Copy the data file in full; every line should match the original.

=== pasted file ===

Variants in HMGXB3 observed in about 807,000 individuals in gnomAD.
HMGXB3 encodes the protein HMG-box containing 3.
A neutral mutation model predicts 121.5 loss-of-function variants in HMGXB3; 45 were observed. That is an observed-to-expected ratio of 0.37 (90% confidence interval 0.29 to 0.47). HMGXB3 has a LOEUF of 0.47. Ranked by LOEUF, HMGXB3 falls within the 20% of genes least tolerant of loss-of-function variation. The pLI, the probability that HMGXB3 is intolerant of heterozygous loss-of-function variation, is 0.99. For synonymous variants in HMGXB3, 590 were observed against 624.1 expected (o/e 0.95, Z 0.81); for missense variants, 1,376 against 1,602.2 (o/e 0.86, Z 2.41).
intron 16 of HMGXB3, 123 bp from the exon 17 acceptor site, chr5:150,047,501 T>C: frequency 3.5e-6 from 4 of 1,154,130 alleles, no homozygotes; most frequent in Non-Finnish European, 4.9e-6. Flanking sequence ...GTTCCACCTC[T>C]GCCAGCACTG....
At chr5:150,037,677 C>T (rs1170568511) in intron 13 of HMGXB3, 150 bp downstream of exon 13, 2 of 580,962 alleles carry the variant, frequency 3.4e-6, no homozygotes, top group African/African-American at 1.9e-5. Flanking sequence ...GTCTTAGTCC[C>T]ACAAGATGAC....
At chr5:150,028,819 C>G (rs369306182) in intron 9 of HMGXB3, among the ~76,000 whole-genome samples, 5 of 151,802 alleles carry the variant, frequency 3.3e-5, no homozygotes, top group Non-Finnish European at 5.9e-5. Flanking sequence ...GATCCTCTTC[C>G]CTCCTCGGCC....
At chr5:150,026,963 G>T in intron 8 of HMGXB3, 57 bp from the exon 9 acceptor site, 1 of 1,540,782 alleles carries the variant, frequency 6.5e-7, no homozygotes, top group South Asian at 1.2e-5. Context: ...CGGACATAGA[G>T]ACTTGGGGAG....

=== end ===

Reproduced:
Variants in HMGXB3 observed in about 807,000 individuals in gnomAD.
HMGXB3 encodes the protein HMG-box containing 3.
A neutral mutation model predicts 121.5 loss-of-function variants in HMGXB3; 45 were observed. That is an observed-to-expected ratio of 0.37 (90% confidence interval 0.29 to 0.47). HMGXB3 has a LOEUF of 0.47. Ranked by LOEUF, HMGXB3 falls within the 20% of genes least tolerant of loss-of-function variation. The pLI, the probability that HMGXB3 is intolerant of heterozygous loss-of-function variation, is 0.99. For synonymous variants in HMGXB3, 590 were observed against 624.1 expected (o/e 0.95, Z 0.81); for missense variants, 1,376 against 1,602.2 (o/e 0.86, Z 2.41).
intron 16 of HMGXB3, 123 bp from the exon 17 acceptor site, chr5:150,047,501 T>C: frequency 3.5e-6 from 4 of 1,154,130 alleles, no homozygotes; most frequent in Non-Finnish European, 4.9e-6. Flanking sequence ...GTTCCACCTC[T>C]GCCAGCACTG....
At chr5:150,037,677 C>T (rs1170568511) in intron 13 of HMGXB3, 150 bp downstream of exon 13, 2 of 580,962 alleles carry the variant, frequency 3.4e-6, no homozygotes, top group African/African-American at 1.9e-5. Flanking sequence ...GTCTTAGTCC[C>T]ACAAGATGAC....
At chr5:150,028,819 C>G (rs369306182) in intron 9 of HMGXB3, among the ~76,000 whole-genome samples, 5 of 151,802 alleles carry the variant, frequency 3.3e-5, no homozygotes, top group Non-Finnish European at 5.9e-5. Flanking sequence ...GATCCTCTTC[C>G]CTCCTCGGCC....
At chr5:150,026,963 G>T in intron 8 of HMGXB3, 57 bp from the exon 9 acceptor site, 1 of 1,540,782 alleles carries the variant, frequency 6.5e-7, no homozygotes, top group South Asian at 1.2e-5. Context: ...CGGACATAGA[G>T]ACTTGGGGAG....